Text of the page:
Many businesses have workers in more than one location. In a customer-facing department or organization, like a call center, having staff scattered geographically has both upsides and downsides. One of the challenges is providing everyone with the resources they need to seamlessly mobilize their actions during a particular campaign, creating a unified whole that is perceived by customers as being a single entity.
Traditionally, at the start of a campaign, each group of people were given phone number lists and Web sites for inputting results after each customer contact. While this type of solution worked okay, it did have several important drawbacks.
First, there is the lack of centralized control over the information handed out to workers and over the information they collect. Once a phone list is distributed, for example, how does it get updated? Who checks to make sure all the numbers are called?
Second, there is the inability of the groups, or the administrator(s) of the campaign (wherever he/she/they are located) to work as a whole by having instant access to information collected by all the groups.
Finally, the problem with traditional mobilization systems for teams of geographically distributed people performing a campaign is communications expenses. If the campaign is being conducted by volunteers, they may have to foot the bill for phone calls. If paid staff are making customer contacts, the task of tabulating expenses from each group and reimbursing them as needed can be an administrative headache or worse.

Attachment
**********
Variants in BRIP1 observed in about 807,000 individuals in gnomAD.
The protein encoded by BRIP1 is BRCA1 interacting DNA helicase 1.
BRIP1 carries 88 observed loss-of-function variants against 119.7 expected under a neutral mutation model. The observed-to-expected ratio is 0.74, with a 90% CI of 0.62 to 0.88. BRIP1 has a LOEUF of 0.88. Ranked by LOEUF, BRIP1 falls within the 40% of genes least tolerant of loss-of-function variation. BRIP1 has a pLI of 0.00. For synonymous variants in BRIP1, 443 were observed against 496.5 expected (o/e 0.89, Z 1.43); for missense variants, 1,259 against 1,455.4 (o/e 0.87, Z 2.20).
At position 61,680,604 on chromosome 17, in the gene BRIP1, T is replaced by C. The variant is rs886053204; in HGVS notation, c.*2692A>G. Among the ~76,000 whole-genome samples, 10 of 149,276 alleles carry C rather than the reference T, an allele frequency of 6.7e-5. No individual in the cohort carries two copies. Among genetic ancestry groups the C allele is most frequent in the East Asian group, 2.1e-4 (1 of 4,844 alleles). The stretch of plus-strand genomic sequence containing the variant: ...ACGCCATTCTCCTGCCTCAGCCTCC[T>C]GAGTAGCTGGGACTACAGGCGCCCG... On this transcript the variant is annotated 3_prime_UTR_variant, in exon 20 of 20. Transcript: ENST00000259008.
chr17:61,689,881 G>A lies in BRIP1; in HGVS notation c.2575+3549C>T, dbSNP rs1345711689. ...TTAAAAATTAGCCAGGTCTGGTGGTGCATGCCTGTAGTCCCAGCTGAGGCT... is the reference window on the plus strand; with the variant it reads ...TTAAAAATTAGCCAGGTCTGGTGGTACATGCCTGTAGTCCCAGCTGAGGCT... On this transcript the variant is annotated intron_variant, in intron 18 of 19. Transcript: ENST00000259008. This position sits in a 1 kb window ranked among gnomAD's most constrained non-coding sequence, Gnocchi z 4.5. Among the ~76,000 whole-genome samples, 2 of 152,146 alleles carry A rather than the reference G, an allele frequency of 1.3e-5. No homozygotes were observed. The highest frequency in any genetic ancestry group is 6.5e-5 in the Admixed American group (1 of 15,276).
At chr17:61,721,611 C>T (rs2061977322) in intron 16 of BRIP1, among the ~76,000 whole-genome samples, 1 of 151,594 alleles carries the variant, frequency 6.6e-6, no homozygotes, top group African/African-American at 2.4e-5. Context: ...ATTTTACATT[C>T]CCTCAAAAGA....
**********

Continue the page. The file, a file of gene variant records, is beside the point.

The solution to all the issues discussed above is to use a voice broadcast solution, like the one offered by CallFire, that allows staff in a distributed workforce to access the target list, using only a computer connected to the Internet and a phone line. The way this works is that a particular user logs into a secure Web site. After that, the system performs dialing, connecting the user to individuals on the target list, using a predictive algorithm that makes the process efficient.
When the user is connected to a target customer, he or she sees full details related to that caller on the screen, which includes a form for inputting data into the centralized system. In this way, the voice broadcast solution creates a virtual call center experience for each user.
Using such a solution, one political organization with 800 volunteers was able to very quickly mobilize a campaign collecting statistics for a Senate election. The organization set up the campaign within one hour. During the proceeding 3 days, volunteers logged into the system and performed calls to collect the information. The efficiency of the system helped the organization increase its contact rate by 40 percent.
To learn how a distributed call center solution can help your organization perform more efficient sales or information-gathering campaigns, please visit the Voice Broadcast channel on TMCnet.com, brought to you by CallFire.
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Mae Kowalke is an associate editor for TMCnet, covering VoIP, CRM, call center and wireless technologies. To read more of Mae’s articles, please visit her columnist page. She also blogs for TMCnet here.
Internet Protocol (IP) |X|
|IP stands for Internet Protocol, a data-networking protocol developed throughout the 1980s. It is the established standard protocol for transmitting and receiving data
in packets over the Internet. I...more|
Voice over IP (VoIP) |X|
|A real-time communications system that converts voice into digital packets containing media and signaling data that travel over networks using Internet Protocol....more|